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TOPIC: Annealer Pipe should be dry or wet?

Annealer Pipe should be dry or wet? 1 year 9 months ago #1763

I "learned" that steam supply to an annealer pipe is to prevent oxidation on the "surface of the" copper wire, while the "electrical power" is to anneal the copper wire. I noticed "however" that "most" of our annealer outlets are wet (I suspect it's condensate steam.) and thus a suction motor "is needed" to "eliminate" the water droplets at the outlet.

Now my problem is "that" 3 of our machines share an external steam "supply," and have dry annealer outlets. This causes a build up of dirt (or something else) inside the annealer pipe and further affects the productivity (enamel surface blister/wire breakage inside the annealer pipe).

When we "clean out" the annealer pipe with "a" brass brush, we collect "the" dust-like substance and test "it" with nitric acid, it is not copper dust.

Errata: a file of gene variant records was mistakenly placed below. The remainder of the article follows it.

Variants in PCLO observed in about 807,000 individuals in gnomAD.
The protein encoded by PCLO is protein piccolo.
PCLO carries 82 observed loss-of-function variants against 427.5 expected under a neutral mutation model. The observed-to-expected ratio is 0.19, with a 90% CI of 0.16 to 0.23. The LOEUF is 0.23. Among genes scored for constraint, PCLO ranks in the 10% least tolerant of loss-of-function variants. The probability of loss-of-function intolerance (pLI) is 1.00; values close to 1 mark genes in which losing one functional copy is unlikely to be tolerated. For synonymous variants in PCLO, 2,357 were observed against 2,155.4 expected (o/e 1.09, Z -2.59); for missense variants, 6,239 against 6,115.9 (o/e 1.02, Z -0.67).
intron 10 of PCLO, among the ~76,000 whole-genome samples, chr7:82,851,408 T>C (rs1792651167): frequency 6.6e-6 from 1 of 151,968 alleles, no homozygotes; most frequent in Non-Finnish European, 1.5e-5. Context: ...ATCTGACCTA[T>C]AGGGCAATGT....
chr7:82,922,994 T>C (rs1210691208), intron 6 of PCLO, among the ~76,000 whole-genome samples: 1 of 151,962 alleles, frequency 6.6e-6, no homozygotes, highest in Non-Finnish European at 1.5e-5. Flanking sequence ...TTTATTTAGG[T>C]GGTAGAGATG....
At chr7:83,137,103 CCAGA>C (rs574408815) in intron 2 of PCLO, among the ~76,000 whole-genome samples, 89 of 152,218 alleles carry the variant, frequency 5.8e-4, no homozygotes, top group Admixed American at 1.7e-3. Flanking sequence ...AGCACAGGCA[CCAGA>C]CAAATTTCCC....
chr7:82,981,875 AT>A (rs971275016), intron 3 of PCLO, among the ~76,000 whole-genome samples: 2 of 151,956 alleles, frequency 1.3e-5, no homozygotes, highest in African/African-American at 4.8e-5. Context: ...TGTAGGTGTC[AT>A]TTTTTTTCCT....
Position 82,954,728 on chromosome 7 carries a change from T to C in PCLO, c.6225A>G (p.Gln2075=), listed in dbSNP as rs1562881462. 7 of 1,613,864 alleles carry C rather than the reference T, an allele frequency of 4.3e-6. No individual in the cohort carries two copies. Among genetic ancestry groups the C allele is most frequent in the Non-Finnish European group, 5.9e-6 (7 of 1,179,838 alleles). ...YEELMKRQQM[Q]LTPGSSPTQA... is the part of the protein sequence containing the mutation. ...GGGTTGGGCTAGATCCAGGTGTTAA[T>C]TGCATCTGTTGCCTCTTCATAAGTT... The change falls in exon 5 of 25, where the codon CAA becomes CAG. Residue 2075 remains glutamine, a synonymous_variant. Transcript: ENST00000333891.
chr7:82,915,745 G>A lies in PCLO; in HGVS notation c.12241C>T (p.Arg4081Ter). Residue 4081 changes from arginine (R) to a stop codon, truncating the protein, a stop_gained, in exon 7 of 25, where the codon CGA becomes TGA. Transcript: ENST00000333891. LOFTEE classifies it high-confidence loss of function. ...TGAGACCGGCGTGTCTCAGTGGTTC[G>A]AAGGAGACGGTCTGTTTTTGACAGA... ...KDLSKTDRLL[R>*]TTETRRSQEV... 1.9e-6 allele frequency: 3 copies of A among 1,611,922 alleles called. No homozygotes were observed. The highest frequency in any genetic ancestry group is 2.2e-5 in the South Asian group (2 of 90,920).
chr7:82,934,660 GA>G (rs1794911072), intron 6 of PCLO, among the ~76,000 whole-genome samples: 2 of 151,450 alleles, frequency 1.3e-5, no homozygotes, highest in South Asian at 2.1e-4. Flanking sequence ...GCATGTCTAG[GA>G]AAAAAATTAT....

Some of this dust hardens and clogs up the "annealer" pipe causing wire breakage and we "have" to drill "it out". FYI, all our production has no oxidation issue (from both dry and "wet" annealers.)

Now my questions are:

1. Is "the" annealer pipe supposed to be damp or dry?
2. Is "the dryness" caused by the external steam generator?
3. Is this due to water purity used in the steam generator?
4. What should we check or improve.

Your assistance and professional opinions "are" very much appreciated.

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Re: Annealer Pipe should be dry or wet? 1 year 9 months ago #1764

Hello Mr. Chan,

First of all, I believe that this is a fine wire drawing and annealing process so stretching the wire at the annealer is of major importance.

You are correct in that the atmosphere in the annealing leg must not have any oxygen in it and this is accomplished in your case by providing a saturated or dry steam environment. In larger wire annealers, there is a cooling (water) leg (Immediately after the a water filled annealing leg. The annealing leg is where wire heat provides a protective steam envelope.) to ensure the wire is properly cooled before being exposed to oxygen. Because of this, the wire leaves the annealer somewhat damp and a supply of clean and dried compressed air which dries the wire. This may be one or two air wipes.

In your case however, I expect the heat sink in the wire is quite small and thus the cooling section of the annealer can supplied with steam so that the wire can properly cool down to the point where oxidation cannot occur.